by Uduak Oduok
I recently worked on a draft article dealing with COSON’s billion-naira lawsuits against Wazobia and Cool FM. Radio stations are also important stakeholders in the music industry and certainly any steps taken to protect copyrights of artists, cannot do so in a way that is highly detrimental to radio stations. The COSON lawsuits against the aforementioned radio stations, in my view, create complex issues that deal first with the role of COSON as a performance rights organization and second the protection of radio broadcast rights and organizations in Nigeria. It is an interesting balancing act and I hope to share my thoughts soon.
First, hats off to EME Records. EME is killing it on all fronts. They are making statements without really saying a word. A couple of smooth moves they have in place which serves as Exhibit A for industry persons to pay attention to:
1. They have their legal counsel negotiating all of their important contracts.
2. They focus on their strengths and outsource the rest to others.
3. They pick the right talents and they educate and mentor their talents on the business of music and personal and corporate branding.
4. They get out of the way and allow those who they have entrusted with EME obligations to do what they need to do. We saw their agreement with Cokobar/Ropo Akin. They got out of the way and Cokobar executed like wow!!! Cokobar got the hype going and engaged their database of connections. Most importantly, they hired a solid videographer, did solid edits on their video clips and pushed on and offline, primarily through media, bloggers, radio etc.
5. Finally, the future of business is really about collaborations. You can’t do it all. There is strength in numbers. So collaborate with like minded partners and make things happen. We have seen EME do it so well.
EME is about the business of EME, as it should be. However, let’s talk about one of its recent partnerships with Spinlet, a new digital distribution company out of Finland with offices in Nigeria and the USA.
EME recently had its release of its EME All Stars Album. “The album is a 22-track LP that features E.M.E boss Banky W, WizKid, Skales, Singer and songwriter Niyola, DJ Xclusive and Masterkraft,” according to FlyTime TV. Again, it employed many of its winning strategies including collaborations with many “friends” of EME. EME chose Spinlet as the exclusive platform it wanted to distribute its All Stars Album free music, consistent with its existing partnership with Spinlet to move their relationship forward.
DIGITAL DISTRIBUTION IN NIGERIA’S MUSIC INDUSTRY
This is where it gets interesting. Digital distribution is the future and as I have said in the past, the fight/litigation will be “all up in here.” What is interesting in Spinlet’s dealings with Nigeria’s record label is that Spinlet goes from non-exclusive agreements and relationships, which it still has with many labels, to a seeming push towards a monopoly via the EME album. I think it is a preview of what is to come.
So, check this out. Spinlet, without the internet traffic to boast its place as #1 in terms of digital distribution, gets exclusivity on the EME Album. It offers 75,000 free downloads and credits to new users.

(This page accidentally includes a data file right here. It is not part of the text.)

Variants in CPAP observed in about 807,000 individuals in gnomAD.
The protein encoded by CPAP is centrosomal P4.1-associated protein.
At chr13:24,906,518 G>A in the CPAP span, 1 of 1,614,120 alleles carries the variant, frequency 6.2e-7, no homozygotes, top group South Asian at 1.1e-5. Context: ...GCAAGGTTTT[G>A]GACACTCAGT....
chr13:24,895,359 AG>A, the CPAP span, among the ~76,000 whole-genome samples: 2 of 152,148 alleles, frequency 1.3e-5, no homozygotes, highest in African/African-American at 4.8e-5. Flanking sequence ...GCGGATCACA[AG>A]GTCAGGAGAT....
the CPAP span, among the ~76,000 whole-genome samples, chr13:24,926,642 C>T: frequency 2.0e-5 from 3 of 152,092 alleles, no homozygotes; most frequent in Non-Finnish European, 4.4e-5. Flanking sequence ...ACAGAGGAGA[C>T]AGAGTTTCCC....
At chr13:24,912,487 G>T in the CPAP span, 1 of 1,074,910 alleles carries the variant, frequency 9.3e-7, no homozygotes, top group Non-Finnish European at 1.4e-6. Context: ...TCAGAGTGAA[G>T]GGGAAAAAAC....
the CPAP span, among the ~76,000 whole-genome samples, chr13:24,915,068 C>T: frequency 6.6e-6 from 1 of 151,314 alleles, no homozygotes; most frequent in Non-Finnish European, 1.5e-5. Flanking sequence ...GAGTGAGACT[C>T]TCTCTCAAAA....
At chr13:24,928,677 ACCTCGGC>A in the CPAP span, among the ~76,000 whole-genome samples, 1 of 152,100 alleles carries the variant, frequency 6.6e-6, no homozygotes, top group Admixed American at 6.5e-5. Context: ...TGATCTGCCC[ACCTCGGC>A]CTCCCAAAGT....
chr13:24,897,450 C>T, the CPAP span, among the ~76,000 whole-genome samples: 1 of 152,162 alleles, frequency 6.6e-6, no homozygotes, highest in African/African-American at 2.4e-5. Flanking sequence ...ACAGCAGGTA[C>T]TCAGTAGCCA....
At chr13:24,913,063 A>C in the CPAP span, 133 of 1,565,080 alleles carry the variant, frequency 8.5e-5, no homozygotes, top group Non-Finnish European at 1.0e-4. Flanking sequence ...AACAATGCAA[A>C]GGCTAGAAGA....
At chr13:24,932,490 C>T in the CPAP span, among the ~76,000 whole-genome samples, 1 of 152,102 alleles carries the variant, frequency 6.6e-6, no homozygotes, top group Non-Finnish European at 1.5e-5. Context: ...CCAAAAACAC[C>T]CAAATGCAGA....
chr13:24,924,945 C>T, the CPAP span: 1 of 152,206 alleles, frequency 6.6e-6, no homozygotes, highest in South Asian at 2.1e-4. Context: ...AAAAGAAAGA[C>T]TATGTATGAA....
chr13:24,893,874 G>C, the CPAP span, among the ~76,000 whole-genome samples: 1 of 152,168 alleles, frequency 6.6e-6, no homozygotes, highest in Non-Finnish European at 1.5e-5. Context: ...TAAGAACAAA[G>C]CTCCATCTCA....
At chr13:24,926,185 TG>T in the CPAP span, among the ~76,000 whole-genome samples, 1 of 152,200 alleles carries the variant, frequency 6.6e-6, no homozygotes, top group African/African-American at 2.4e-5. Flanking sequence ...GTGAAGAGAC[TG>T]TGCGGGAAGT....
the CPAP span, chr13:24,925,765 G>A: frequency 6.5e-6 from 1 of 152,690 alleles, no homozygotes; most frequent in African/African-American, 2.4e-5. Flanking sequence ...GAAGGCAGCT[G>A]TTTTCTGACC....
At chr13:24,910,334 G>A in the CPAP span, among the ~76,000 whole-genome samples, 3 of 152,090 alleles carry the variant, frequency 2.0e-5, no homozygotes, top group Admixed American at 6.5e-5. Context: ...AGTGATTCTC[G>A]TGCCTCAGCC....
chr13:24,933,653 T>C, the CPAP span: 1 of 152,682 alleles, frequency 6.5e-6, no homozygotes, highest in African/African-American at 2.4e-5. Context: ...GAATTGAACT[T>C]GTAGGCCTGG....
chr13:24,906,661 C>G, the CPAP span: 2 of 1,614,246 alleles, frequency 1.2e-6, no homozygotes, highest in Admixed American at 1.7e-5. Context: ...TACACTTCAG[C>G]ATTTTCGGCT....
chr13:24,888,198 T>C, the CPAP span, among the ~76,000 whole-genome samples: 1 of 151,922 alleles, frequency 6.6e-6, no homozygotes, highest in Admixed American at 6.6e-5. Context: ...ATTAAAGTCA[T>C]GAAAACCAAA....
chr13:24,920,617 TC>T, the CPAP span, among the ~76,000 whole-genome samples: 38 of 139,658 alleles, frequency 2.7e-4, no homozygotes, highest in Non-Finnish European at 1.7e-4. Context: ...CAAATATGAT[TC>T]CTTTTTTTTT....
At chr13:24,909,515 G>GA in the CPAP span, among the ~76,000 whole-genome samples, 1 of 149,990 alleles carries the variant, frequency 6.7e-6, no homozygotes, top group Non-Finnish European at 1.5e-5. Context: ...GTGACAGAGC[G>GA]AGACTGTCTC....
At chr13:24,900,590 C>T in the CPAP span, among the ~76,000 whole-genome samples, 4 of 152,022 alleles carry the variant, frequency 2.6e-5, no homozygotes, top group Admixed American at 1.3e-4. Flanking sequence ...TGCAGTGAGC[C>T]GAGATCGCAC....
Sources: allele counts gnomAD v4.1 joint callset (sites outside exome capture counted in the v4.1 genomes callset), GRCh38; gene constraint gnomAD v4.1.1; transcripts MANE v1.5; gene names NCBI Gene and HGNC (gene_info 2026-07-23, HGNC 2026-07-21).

As a distributor, Spinlet’s job is not only to distribute. Its job is to strengthen its marketing and promotions for its brand and that of the labels that do business with it such as EME. However, again it is a new entrant so how will this happen? Spinlet gets the sub-distributors (music blogs like 360nobs and Notjustok) to do the lifting for them.
Clearly, Notjustok.com typically gets exclusives and then the rest of the internet follows. Notjustok also sells music/albums (sub-distributor) and has sold albums for artists and labels in the past. If Notjustok is now unable to deliver its exclusivity but it is sending its millions of unique visitors to Spinlet, what does that mean for music blogs in the future? Remember my article on technology companies that are about to eat the lunch of African music bloggers? This scenario is a great example of it.
Is Spinlet headed towards a monopoly on the internet when it comes to Nigerian music? Spinlet it appears has paid a few music bloggers to push the EME All Star Album and also the “Spinlet Featured Song of the Day.” In the long run, if all of these blogs drive traffic to Spinlet, Spinlet will be able to stand on its own and truly be that #1 distributor it claims it currently is.What happens to these music blogs then? Are they insignificant in the final analysis in Nigeria’s music industry? If your money is going to Spinlet and Spinlet cuts you a few change every now and then, what’s the plan for the future? How can you stay competitive?
Should these blogs insist that labels and artists give them a piece of the pie since they have the larger traffic? For (Spinlet’s) fellow digital distributors what does this mean? Truspot has 70,000 + facebook users compared to Spinlet’s 8,000 +. How come Nigerian labels and artists have not really tapped into such strong pull and technologically progressive digital distributor to sell their music? Is it poor marketing on Ike Orizu/Tru Spot’s part?
What does this mean for the industry? I certainly want to hear your thoughts on all of these moves happening in terms of digital distribution.
Finally, still on distribution, one of my pet peeves has to be new entrants, mostly technology companies, who enter the market place and promise they can and will curb copyright infringement in the marketplace. Spinlet is one such company. How exactly has Spinlet curbed piracy issues in Nigeria? I fail to see how piracy on the ground has changed since Spinlet got in. On the ground, Spinlet has engaged in event sponsorship to increase its brand visibility. Nothing different from what other brands do. How exactly has this curbed piracy?